Even measured against the standards of US President Donald Trump's first two years, it has been a turbulent week in DC, as lawmakers, pundits and experts scramble to find an underlying pattern to the consistently off-the-cuff foreign policy moves made by the current White House.
"I don't see any chance for Trump resigning, unless there were some impeachment proceedings, the way Richard Nixon did when he resigned," noted executive director of the Washington office of the International Institute for Strategic Studies Mark Fitzpatrick, cited by Dw.com.
"Resigning would be an admission of defeat for a man who insists on winning, winning, winning," Fitzpatrick remarked, adding, "I don't think we can expect a Trump resignation as a solution to the growing concerns people have."
Mattis, viewed as one of the last holdouts to Trump's ‘yes-men' cabinet, was seen as an anchor slowing down what are viewed as increasingly impetuous moves by the US president, typically by tweet and often in the early hours of the morning, according to CNN.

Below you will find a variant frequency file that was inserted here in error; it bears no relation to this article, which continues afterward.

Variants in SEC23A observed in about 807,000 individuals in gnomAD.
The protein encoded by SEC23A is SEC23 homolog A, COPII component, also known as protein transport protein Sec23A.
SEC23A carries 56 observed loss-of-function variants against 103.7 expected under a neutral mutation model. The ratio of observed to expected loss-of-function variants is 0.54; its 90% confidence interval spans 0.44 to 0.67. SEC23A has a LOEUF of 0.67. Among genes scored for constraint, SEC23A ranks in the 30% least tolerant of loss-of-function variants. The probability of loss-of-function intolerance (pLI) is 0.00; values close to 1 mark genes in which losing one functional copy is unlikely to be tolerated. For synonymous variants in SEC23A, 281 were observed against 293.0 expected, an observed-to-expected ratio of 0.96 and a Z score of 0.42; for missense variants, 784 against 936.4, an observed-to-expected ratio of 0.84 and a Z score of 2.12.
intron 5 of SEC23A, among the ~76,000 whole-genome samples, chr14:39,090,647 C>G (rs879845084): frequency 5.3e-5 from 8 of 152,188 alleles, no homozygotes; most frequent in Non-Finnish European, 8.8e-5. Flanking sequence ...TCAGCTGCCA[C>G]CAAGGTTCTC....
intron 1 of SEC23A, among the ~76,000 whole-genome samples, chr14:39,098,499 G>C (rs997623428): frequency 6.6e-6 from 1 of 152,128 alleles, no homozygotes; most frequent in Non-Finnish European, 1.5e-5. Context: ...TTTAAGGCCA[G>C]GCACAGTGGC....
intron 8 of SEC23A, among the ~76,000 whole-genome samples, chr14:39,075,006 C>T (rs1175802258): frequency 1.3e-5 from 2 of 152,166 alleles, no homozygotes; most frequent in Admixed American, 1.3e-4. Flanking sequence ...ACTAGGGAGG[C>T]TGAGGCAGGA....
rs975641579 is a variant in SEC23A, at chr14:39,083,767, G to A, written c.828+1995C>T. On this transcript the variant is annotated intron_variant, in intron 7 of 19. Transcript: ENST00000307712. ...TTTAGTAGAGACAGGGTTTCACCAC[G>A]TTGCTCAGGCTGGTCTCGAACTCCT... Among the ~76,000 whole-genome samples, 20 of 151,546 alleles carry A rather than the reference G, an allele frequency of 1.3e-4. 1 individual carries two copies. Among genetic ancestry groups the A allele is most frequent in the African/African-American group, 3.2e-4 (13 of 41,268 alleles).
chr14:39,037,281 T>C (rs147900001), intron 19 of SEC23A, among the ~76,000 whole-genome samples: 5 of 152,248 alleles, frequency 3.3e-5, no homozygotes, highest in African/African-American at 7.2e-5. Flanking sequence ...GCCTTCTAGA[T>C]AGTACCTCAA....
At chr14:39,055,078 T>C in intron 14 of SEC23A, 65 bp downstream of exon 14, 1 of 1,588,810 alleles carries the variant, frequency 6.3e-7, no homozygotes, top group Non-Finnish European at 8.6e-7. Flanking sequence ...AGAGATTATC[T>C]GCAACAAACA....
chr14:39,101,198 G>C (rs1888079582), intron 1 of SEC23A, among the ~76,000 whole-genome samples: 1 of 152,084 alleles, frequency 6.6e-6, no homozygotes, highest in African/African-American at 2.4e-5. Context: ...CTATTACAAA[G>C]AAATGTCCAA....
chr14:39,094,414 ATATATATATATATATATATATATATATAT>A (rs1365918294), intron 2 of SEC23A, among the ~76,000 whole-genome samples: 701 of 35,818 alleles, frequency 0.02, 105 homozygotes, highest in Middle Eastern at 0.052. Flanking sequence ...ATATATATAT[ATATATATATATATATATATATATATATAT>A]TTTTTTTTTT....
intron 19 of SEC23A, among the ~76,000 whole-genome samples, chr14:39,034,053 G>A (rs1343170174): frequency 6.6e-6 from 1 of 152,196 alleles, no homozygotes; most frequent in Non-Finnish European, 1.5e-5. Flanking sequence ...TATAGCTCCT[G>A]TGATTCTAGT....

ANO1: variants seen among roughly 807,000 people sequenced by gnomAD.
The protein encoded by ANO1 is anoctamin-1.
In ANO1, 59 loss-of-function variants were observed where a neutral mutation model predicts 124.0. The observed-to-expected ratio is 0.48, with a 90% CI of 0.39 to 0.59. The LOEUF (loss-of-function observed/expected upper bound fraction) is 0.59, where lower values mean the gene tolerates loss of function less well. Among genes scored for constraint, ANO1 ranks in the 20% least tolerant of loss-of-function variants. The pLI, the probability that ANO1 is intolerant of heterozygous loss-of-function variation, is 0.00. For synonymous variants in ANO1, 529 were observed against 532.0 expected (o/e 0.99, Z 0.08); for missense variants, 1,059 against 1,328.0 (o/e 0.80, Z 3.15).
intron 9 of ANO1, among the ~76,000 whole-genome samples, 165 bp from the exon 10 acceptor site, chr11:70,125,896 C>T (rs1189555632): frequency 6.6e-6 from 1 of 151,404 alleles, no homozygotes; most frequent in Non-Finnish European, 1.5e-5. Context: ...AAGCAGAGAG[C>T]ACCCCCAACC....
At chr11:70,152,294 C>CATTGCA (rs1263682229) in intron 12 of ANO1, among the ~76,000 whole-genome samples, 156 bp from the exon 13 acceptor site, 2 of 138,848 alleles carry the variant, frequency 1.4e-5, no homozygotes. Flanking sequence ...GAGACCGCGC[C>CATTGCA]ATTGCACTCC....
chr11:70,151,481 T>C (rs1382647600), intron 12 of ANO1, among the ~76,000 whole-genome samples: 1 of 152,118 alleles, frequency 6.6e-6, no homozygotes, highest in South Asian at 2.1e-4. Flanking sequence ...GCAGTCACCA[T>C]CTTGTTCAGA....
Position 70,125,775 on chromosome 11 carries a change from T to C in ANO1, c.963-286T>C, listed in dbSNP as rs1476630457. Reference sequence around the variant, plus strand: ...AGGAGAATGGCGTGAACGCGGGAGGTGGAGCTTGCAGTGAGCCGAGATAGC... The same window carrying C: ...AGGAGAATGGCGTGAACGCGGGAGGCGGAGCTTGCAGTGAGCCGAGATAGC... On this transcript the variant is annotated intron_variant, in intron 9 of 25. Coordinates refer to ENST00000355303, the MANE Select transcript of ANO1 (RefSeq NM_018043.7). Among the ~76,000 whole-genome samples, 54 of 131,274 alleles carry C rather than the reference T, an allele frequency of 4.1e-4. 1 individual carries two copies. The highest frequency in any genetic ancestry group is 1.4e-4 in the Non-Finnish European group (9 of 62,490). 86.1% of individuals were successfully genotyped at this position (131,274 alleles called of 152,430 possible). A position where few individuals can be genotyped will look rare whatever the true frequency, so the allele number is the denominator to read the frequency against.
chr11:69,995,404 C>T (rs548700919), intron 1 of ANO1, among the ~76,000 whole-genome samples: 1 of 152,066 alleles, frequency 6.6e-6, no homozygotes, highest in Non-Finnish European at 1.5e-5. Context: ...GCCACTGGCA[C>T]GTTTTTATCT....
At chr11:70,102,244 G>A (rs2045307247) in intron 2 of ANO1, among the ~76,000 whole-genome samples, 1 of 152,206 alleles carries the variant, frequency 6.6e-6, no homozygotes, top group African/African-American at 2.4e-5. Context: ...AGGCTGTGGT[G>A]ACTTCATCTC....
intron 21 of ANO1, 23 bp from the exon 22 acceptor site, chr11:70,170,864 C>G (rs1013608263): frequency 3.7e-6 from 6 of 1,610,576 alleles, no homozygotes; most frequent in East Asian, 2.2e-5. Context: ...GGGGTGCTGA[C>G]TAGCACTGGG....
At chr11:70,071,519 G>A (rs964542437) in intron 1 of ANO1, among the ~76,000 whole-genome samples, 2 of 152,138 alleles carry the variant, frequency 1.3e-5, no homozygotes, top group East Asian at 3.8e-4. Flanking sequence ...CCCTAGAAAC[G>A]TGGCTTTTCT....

World leaders new to the game, including Trump — a reality-television and beauty-pageant producer with no political experience — ordinarily take a little time to decide how to run their administrations, eventually settling in with the right people and implementing workable policies, but, according to many, Trump's methodology appears to be chaos.
"All the changes Trump has made are to get rid of the grown-ups in the room and bring in the children," asserted conservative politics scholar Norman Ornstein of the American Enterprise Institute, cited by Deutsche Welle.
In a rambling and contentious interview with the Washington Post just last month, Trump declared that "my gut tells me more sometimes than anybody else's brain can ever tell me."
The idea of making gut instinct more important than the recommendations of experienced foreign policy leaders like Mattis is what has many in the international community worried,
"Frankly, that gigantic gut does not have a lot of intelligence, depth or sensitivity to the larger consequences of actions," stated Ornstein, adding that "it's time to be afraid," cited by Dw.com.
While experts are agreed that it is fortunate that the Trump administration has not yet had to address a major national security crisis, most agree that one is likely.
"Whoever will be secretary of defense will be concerned not to see a world war launched," observed Fitzpatrick.
Fitzpatrick, a nuclear security specialist alongside his other duties, affirmed that, "Although Trump has an individual ability to start a war and to launch nuclear weapons, there are other people involved who will try to steer him in the right direction should he go crazy."